Norwich City manager Alex Neil has been hard at work over the summer singling out targets in a bid to propel the Canaries back to the Premier League at the first attempt after the setback of relegation to the Championship in 2015/16.
Having already lost key wide-man Nathan Redmond over the summer, Neil has been looking to bolster his options, and when Tottenham Hotspur youngster Alex Pritchard’s deal to sign for Brighton was stalled by traffic of the M25, Norwich made their move to hijack the transfer, and persuaded the youngster to renege on signing for the South Coast club, Pritchard subsequently penning a four-year deal at Carrow Road.
The creative young winger came through the ranks at Spurs after leaving West Ham as a 15-year old and having spent the majority of his career at White Hart Lane out on loan to Football League clubs, he had become highly rated amongst the Tottenham contingent due to his form in the lower leagues, and was the subject of wide interest when Spurs made him available for transfer. Now in the famous yellow and green, what can the youngster bring to the table for Norwich?
Pritchard already has proven pedigree in the Championship. Following two fruitful spells on loan with Peterborough United and Swindon Town, Pritchard spent a season on loan with West London club Brentford in 2014/15, notching 12 goals and registering a further seven assists for Mark Warburton’s team as the Bees reached the Championship playoffs. They were eventually overcome by Middlesbrough, but the youngster had put his name out and proven himself that extra level up. Pritchard found last season tougher going having missed a large part of the campaign through injury, and struggled for form and football when loaned out to West Bromwich Albion, so maybe a spell at an ambitious Championship club is just the right move for the player to obtain regular first-team football rather than dive straight back into the deep end of the Premier League.
After four loans away from North London, a permanent move away from White Hart Lane would always be best for the player regarding his long-term development, since he can finally settle down in more stable surroundings and play first-team football more regularly. And Norwich will offer that, and he will likely slot straight into the void left behind by Nathan Redmond.
Given his creative presence, Pritchard will contribute to Norwich’s attacking crux as Redmond did, featuring on his preferred left side of an attacking three or a four man midfield, using his skill, pace, and trickery to create opportunities. He is also a proficient set-piece taker, exhibited by some of his goals from free-kicks during his spells out on loan in League One, an area from which Norwich from direct attempts at goal or providing service to forwards or tall defenders like Russell Martin, Sebastien Bassong, Steven Whittaker or Martin Olsson may well look to profit.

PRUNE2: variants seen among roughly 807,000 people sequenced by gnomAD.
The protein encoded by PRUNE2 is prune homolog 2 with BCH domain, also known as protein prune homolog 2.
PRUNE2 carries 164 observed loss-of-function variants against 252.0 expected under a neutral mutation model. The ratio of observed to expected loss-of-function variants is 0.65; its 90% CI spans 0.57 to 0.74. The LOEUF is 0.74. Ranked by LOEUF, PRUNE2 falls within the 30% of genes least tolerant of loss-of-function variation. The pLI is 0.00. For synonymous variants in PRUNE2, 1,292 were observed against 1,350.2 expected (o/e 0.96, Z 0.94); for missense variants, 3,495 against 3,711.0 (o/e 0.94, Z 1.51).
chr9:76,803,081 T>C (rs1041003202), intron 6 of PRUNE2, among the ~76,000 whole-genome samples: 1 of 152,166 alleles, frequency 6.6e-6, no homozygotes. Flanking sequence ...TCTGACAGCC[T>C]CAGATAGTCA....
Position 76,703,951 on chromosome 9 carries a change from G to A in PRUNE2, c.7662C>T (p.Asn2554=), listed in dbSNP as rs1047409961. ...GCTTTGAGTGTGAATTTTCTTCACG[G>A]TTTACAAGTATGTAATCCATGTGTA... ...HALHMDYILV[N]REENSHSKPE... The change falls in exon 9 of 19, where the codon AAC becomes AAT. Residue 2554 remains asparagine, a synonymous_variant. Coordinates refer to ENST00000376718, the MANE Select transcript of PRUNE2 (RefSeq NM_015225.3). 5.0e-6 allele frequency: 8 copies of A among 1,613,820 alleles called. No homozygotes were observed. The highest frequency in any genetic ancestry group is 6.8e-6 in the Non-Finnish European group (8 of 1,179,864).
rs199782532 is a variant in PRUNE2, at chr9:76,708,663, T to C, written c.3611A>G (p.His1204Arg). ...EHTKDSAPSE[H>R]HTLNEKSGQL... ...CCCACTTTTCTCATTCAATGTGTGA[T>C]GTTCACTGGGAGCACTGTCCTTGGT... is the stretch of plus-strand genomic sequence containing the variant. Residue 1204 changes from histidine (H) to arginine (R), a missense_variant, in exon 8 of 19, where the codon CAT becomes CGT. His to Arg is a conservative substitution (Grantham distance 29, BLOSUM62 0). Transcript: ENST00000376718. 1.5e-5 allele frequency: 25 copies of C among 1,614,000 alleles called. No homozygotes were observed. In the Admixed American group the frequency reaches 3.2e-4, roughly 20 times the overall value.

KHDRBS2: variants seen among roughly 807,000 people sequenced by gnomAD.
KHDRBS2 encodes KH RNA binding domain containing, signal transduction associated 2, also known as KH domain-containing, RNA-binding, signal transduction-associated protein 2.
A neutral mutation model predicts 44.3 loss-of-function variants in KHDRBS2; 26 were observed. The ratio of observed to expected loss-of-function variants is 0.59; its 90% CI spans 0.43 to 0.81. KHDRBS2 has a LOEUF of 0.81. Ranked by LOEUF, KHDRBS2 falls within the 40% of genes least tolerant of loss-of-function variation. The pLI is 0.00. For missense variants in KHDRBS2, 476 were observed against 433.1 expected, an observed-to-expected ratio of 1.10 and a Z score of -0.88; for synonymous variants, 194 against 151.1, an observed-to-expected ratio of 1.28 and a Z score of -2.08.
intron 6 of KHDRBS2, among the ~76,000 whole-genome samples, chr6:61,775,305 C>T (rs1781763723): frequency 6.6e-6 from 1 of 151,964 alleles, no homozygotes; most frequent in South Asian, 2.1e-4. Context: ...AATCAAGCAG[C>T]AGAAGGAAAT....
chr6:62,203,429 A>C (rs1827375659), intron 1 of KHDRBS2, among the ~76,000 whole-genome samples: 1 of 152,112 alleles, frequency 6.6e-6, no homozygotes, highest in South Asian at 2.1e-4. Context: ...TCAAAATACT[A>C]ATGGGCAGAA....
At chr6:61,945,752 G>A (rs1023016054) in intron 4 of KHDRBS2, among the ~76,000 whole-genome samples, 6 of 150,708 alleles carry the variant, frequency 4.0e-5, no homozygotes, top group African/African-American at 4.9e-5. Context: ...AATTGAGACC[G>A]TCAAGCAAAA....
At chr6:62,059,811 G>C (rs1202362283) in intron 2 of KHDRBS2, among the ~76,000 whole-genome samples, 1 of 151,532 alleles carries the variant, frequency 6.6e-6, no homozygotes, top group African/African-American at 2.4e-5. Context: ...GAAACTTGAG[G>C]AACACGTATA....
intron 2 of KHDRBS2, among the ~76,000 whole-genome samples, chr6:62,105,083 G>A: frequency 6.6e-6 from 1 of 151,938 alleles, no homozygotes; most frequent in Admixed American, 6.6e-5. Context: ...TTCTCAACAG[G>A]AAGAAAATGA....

So there is no doubt of Pritchard’s potential to force himself into the first-team reckoning at Norwich given their lack of wide options. The Swans only managed 39 goals in their 38 Premier League games last season, but with their top scorer in Dieumerci Mbokani having departed providing the biggest contribution of seven, Neil has been needing extra creativity to get his misfiring centre-forwards hitting the target- and indeed he may look to coax more goals from his wider players to distribute the load, and after Pritchard netted 12 in the Championship at Brentford, there is plenty of reason to suggest that the youngster may well be capable of a reasonable goal return for the club in the second tier, to help relieve some of the pressure on Steven Naismith and Wes Hoolahan up front.
Having steered Norwich to promotion in 2014/15 but finding the Premier League a step too far, Alex Neil will be determined to go again in the Championship and ensure that if they reach the Premier League again they are able to cling onto their coveted top-flight status. To help match these ambitions, strength in depth is necessary for Norwich and in the case of wide areas in need of strengthening, Pritchard on paper seems a good fit and the prospect of regular first-team football and a chance for the youngster to really concentrate on his game may make it a match made in heaven for both the player and his new employers.
Norwich have experienced wide men in Matt Jarvis and Robbie Brady whose influence will benefit the up and coming Pritchard, though the youngster also has age on his side and even if he initially encounters trouble bedding into his new surroundings, dislodging more experienced players and re-adjusting to regular football, he can expect to see himself in the first-team picture the longer he remains at the club and as he begins to peak with age he may well prove an astute acquisition for the long-term as well as immediate future at Carrow Road. If he does prove a big hit, Norwich will be thanking their lucky stars for London traffic.
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